Samuel Miles’ anomalous vote seems equally unlikely today. As the Supreme Court recently confirmed in the Chiafalo decision, history has shown that electors are supposed to be good party people, not good citizens who can be counted on to carry out the expressed will of the people. In theory, encouraging electors like Samuel Miles to vote in accord with the full vote count, rather than the premature one, could be a good way to solve the problem of premature elector appointment. But electors are unlikely to save us in 2020.

Electors are not the solution, then, but the problem persists. It can still take just as long to get an accurate vote count in 2020 as it did in 1796. As recently as 2000, Governor Jeb Bush certified a slate appointed based on what was, at best, an incomplete result, because a recount had not concluded. Forty years earlier, the acting governor of Hawaii signed a certificate appointing electors before the conclusion of a court contest that would determine the official winner of the statewide election.

We’ll examine what went right in Hawaii in 1960 and what went wrong in Florida in 2000 later in this series. For now, back to 1796. What happened after Samuel Miles and the other electors voted? Despite Jefferson’s unexpectedly picking up Miles’ vote, Adams narrowly won, with Jefferson—Adams’ bitter rival—finishing a close second and becoming Vice President. So we’ll never know if Samuel Miles would have been considered a hero or a traitor if his switch, done to match his vote to the late-arriving returns from Greene County, had made the difference. What we can be pretty sure of, though, is that there likely won’t be a Samuel Miles in 2020.

* * *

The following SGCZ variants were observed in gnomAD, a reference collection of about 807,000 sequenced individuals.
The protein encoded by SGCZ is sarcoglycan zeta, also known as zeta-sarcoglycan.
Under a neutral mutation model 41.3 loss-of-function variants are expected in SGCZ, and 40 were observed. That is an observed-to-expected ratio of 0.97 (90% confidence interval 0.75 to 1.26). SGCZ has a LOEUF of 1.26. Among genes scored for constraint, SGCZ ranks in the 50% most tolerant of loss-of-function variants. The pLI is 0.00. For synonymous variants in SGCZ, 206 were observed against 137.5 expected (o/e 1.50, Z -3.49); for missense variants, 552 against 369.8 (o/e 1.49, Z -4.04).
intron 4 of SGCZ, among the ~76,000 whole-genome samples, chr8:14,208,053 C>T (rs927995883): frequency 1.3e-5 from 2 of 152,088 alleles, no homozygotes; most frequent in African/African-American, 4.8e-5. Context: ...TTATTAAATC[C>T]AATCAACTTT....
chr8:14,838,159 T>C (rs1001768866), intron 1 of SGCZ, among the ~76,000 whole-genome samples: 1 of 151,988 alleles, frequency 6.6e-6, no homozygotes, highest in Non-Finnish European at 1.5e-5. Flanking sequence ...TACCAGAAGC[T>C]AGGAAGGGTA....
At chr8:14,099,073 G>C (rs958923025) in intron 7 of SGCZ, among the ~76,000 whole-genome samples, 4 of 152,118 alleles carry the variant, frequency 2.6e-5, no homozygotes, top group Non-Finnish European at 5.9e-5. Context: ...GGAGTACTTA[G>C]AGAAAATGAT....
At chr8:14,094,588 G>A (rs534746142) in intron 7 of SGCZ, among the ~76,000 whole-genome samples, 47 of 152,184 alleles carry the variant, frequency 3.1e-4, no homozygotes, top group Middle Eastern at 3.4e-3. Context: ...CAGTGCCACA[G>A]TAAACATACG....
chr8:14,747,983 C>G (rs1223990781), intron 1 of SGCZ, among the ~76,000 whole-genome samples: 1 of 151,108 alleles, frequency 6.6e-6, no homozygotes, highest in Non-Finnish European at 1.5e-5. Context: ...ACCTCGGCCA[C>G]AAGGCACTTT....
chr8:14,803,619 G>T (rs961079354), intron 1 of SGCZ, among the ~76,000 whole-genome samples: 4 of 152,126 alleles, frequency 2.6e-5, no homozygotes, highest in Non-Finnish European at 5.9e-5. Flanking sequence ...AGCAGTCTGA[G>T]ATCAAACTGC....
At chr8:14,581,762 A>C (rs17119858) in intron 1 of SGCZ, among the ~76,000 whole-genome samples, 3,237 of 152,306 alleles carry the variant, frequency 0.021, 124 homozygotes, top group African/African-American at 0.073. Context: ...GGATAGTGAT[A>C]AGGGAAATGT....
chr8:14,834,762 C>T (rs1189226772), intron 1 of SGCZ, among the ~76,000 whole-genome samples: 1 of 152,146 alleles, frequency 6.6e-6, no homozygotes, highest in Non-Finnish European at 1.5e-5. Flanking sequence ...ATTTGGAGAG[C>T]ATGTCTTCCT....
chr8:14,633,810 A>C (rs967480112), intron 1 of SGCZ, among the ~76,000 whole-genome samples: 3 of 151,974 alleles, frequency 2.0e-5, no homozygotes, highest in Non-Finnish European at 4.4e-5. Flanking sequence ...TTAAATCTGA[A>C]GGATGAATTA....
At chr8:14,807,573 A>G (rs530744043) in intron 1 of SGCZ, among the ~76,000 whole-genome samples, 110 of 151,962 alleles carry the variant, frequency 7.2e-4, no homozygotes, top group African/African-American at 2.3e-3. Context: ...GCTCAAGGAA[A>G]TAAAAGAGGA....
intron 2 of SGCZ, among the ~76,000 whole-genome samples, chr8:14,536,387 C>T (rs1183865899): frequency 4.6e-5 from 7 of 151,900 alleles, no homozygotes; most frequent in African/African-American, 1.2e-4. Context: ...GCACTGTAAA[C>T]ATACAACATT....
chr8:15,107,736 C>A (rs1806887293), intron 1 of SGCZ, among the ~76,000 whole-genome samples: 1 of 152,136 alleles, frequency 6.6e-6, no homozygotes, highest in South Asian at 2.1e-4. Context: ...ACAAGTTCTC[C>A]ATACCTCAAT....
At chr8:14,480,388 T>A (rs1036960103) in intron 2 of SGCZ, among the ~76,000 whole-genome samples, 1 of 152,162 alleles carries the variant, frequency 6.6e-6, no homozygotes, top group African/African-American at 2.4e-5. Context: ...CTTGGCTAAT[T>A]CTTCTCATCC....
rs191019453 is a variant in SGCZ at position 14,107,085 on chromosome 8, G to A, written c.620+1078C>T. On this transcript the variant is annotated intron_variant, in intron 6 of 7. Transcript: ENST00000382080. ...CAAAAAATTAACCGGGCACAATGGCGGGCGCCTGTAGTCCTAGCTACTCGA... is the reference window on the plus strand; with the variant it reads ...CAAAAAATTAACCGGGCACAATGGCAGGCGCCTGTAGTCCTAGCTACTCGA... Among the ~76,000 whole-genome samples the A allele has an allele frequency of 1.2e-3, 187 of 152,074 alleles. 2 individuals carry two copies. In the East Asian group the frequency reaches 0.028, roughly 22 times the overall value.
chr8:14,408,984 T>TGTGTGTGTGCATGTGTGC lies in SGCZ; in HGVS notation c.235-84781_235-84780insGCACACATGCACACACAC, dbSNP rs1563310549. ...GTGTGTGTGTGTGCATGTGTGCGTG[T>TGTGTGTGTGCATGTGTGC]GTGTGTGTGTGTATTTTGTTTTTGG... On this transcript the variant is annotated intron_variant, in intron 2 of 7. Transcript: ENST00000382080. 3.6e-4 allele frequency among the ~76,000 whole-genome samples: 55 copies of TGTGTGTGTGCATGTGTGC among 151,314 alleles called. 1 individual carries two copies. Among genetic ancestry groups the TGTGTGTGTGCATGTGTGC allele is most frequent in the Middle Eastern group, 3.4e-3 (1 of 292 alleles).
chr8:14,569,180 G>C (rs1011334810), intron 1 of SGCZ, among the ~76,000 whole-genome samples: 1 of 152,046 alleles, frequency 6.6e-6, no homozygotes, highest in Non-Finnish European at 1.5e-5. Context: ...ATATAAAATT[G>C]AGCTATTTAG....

(1) “Mifflin” remains a prominent name in Pennsylvania. We may never know if the fictional Robert Mifflin—the founder of fictious Scranton, PA paper company Dunder Mifflin, of The Office fame—was a descendent of Pennsylvania’s first governor.

Co-author Michael L Rosin filed an amicus brief in the anomalous elector cases decided earlier this year. This posting is drawn in part from his article A History of Elector Discretion which will appear in two parts in volume 41 of the Northern Illinois University Law Review. 

 

 

 

 

 

 

 

 

 

 

                                                                                                                                               

 

 


 

* Co-author Michael L Rosin filed an amicus brief in the anomalous elector cases decided earlier this year. This posting is drawn from his article A History of Elector Discretion which will appear in two parts in volume 41 of the Northern Illinois University Law Review.

[1] “Mifflin” remains a prominent name in Pennsylvania. We may never know if the fictional Robert Mifflin—the founder of fictious Scranton, PA paper company Dunder Mifflin, of The Office fame—was a descendent of Pennsylvania’s first governor.